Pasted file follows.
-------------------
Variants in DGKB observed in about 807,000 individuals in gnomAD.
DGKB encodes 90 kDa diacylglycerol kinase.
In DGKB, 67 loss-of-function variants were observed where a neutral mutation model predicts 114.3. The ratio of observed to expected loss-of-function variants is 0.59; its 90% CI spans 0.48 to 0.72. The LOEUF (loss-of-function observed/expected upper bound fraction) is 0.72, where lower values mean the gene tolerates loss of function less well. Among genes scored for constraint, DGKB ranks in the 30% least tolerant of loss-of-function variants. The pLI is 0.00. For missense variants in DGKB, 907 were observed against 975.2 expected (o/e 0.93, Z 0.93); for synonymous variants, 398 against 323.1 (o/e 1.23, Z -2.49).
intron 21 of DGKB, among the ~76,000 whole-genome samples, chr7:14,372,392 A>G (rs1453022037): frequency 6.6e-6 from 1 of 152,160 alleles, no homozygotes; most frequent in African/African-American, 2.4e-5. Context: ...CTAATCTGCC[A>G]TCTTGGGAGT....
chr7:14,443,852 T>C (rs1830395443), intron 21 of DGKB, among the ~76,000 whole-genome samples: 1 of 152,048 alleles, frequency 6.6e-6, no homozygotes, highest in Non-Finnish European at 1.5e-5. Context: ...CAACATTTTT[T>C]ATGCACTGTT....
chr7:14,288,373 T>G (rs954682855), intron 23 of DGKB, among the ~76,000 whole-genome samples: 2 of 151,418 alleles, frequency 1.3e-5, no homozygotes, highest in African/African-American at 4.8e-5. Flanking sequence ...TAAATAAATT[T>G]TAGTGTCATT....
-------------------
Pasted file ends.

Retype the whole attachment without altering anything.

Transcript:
Variants in DGKB observed in about 807,000 individuals in gnomAD.
DGKB encodes 90 kDa diacylglycerol kinase.
In DGKB, 67 loss-of-function variants were observed where a neutral mutation model predicts 114.3. The ratio of observed to expected loss-of-function variants is 0.59; its 90% CI spans 0.48 to 0.72. The LOEUF (loss-of-function observed/expected upper bound fraction) is 0.72, where lower values mean the gene tolerates loss of function less well. Among genes scored for constraint, DGKB ranks in the 30% least tolerant of loss-of-function variants. The pLI is 0.00. For missense variants in DGKB, 907 were observed against 975.2 expected (o/e 0.93, Z 0.93); for synonymous variants, 398 against 323.1 (o/e 1.23, Z -2.49).
intron 21 of DGKB, among the ~76,000 whole-genome samples, chr7:14,372,392 A>G (rs1453022037): frequency 6.6e-6 from 1 of 152,160 alleles, no homozygotes; most frequent in African/African-American, 2.4e-5. Context: ...CTAATCTGCC[A>G]TCTTGGGAGT....
chr7:14,443,852 T>C (rs1830395443), intron 21 of DGKB, among the ~76,000 whole-genome samples: 1 of 152,048 alleles, frequency 6.6e-6, no homozygotes, highest in Non-Finnish European at 1.5e-5. Context: ...CAACATTTTT[T>C]ATGCACTGTT....
chr7:14,288,373 T>G (rs954682855), intron 23 of DGKB, among the ~76,000 whole-genome samples: 2 of 151,418 alleles, frequency 1.3e-5, no homozygotes, highest in African/African-American at 4.8e-5. Flanking sequence ...TAAATAAATT[T>G]TAGTGTCATT....